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Prehospital standardization of medical airway management: incidence and risk factors of difficult airway

Prehospital standardization of medical airway management: incidence and risk factors of difficult airway

Academic Emergency Medicine 13(8): 828-834

The rate of difficult intubation in prehospital emergency medicine varies greatly among studies already published and depends on several factors. The authors' objective was to determine the rate of difficult intubations and to determine factors associated with prehospital difficult airways when a standard protocol for sedation and intubation was applied. This 30-month clinical, observational, prospective study was performed in a suburb of Paris, France (Val de Marne, population 1,300,000) by a prehospital emergency medical unit. Airway management for patients who needed tracheal intubation was standardized. The pharmacological procedure recommended rapid sequence intubation for patients with spontaneous cardiac activity. In cases of difficult, laryngoscopy-assisted intubation, a predefined algorithm was proposed. The Intubation Difficulty Score (IDS) was calculated for all patients requiring tracheal intubation, and factors associated with difficult intubation, defined by IDS of >5, were identified by using multivariate statistical analysis. During the study period, 1,442 patients were included; 640 (44%) were in cardiorespiratory arrest, and 802 had a spontaneous cardiac activity. Deviation from the pharmacological and airway management procedures occurred in 1% of cases. When the predefined difficult airway management algorithm was followed, failure to intubate was encountered twice (0.1%). One hundred six (7.4%) patients had an IDS of >5, and 60 (4.1%) required first (n = 56) then second (n = 4) alternative techniques for tracheal intubation. Semirigid leaders allowed tracheal access in 93% of difficult-intubation patients. One patient required a prehospital cricothyroidotomy. Factors associated with difficult intubation were the following: a history of ear, nose, or throat neoplasia or surgery; obesity; facial trauma; the operator's status; and the operator's position. If prehospital medical airway management is standardized and performed by trained operators, failure to intubate is rare (0.1%), and the incidence of difficult tracheal intubation is 7.4%, independent of cardiorespiratory status.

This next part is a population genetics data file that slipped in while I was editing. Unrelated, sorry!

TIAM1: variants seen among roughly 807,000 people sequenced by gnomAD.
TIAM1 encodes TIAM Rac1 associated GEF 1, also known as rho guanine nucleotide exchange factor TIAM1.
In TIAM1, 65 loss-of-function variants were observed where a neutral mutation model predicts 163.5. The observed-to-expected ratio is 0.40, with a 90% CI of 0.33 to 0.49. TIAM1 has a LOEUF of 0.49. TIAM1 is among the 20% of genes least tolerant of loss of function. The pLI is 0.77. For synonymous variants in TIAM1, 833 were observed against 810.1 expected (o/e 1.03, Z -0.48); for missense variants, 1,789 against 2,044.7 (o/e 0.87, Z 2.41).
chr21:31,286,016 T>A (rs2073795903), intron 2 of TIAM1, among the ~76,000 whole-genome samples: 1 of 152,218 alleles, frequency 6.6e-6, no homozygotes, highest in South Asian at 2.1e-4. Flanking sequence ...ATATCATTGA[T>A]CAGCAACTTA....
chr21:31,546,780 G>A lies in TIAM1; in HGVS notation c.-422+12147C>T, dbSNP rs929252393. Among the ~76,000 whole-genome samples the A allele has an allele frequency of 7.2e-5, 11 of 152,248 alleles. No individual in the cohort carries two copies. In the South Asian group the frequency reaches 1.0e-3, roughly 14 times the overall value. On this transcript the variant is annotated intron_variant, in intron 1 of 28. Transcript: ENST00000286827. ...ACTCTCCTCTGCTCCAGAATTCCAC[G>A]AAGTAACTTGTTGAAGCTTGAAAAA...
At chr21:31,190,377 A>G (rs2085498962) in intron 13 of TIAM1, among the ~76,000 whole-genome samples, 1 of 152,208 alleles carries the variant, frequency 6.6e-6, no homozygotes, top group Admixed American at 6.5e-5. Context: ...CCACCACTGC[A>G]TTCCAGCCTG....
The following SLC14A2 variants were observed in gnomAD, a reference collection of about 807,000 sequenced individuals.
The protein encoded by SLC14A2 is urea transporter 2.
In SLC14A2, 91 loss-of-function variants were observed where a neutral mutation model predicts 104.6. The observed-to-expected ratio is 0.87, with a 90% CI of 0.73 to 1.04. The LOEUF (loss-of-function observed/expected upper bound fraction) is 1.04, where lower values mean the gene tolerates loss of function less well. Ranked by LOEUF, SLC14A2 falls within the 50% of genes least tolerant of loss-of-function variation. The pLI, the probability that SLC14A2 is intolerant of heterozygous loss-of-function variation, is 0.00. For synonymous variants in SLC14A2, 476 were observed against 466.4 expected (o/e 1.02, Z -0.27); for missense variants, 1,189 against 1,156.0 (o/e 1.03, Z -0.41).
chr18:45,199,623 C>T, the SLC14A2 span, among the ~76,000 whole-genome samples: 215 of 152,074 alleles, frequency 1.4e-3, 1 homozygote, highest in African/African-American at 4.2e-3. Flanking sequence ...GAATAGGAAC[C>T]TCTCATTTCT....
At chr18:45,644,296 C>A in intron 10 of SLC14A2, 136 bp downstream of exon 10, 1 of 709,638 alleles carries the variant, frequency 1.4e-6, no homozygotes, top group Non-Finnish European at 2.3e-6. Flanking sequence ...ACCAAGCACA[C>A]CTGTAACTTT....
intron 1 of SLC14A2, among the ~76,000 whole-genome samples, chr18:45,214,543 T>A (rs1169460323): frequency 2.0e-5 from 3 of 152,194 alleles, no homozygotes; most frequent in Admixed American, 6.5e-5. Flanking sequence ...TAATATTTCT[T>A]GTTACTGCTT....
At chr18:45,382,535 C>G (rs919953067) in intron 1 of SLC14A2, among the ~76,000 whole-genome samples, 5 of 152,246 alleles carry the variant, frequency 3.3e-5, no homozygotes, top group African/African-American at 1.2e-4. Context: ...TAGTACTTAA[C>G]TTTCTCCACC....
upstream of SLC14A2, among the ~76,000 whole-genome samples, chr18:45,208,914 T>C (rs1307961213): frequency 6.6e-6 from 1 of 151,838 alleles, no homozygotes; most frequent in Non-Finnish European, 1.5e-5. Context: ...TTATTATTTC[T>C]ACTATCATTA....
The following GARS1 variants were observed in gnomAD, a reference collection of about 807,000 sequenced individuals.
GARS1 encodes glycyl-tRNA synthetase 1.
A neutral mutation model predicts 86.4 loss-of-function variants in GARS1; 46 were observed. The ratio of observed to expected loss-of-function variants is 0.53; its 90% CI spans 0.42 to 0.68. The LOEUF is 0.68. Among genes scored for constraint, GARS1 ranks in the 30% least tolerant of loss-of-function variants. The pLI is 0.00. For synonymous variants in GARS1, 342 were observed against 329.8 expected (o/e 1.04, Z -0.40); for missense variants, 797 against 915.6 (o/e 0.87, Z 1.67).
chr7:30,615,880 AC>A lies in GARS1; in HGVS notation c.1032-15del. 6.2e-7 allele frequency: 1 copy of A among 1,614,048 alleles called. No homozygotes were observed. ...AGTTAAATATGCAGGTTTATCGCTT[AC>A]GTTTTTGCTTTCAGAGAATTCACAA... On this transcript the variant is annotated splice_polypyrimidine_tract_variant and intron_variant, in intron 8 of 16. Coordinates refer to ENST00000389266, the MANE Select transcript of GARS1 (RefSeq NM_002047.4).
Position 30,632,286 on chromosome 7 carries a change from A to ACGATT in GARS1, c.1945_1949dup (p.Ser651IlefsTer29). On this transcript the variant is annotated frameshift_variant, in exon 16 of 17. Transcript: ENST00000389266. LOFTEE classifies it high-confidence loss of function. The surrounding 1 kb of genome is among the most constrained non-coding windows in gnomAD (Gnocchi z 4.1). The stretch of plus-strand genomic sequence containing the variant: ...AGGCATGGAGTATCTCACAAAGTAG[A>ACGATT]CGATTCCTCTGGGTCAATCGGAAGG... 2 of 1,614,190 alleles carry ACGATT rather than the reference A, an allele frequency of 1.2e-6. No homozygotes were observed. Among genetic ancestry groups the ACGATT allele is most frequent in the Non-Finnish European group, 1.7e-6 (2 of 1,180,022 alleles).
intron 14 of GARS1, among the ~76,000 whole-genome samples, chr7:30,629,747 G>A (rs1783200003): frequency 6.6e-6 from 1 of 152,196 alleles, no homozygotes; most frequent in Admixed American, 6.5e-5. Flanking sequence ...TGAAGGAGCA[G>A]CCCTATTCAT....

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Accession: 049981253

Download citation: RISBibTeXText

PMID: 16807397

DOI: 10.1197/j.aem.2006.02.016

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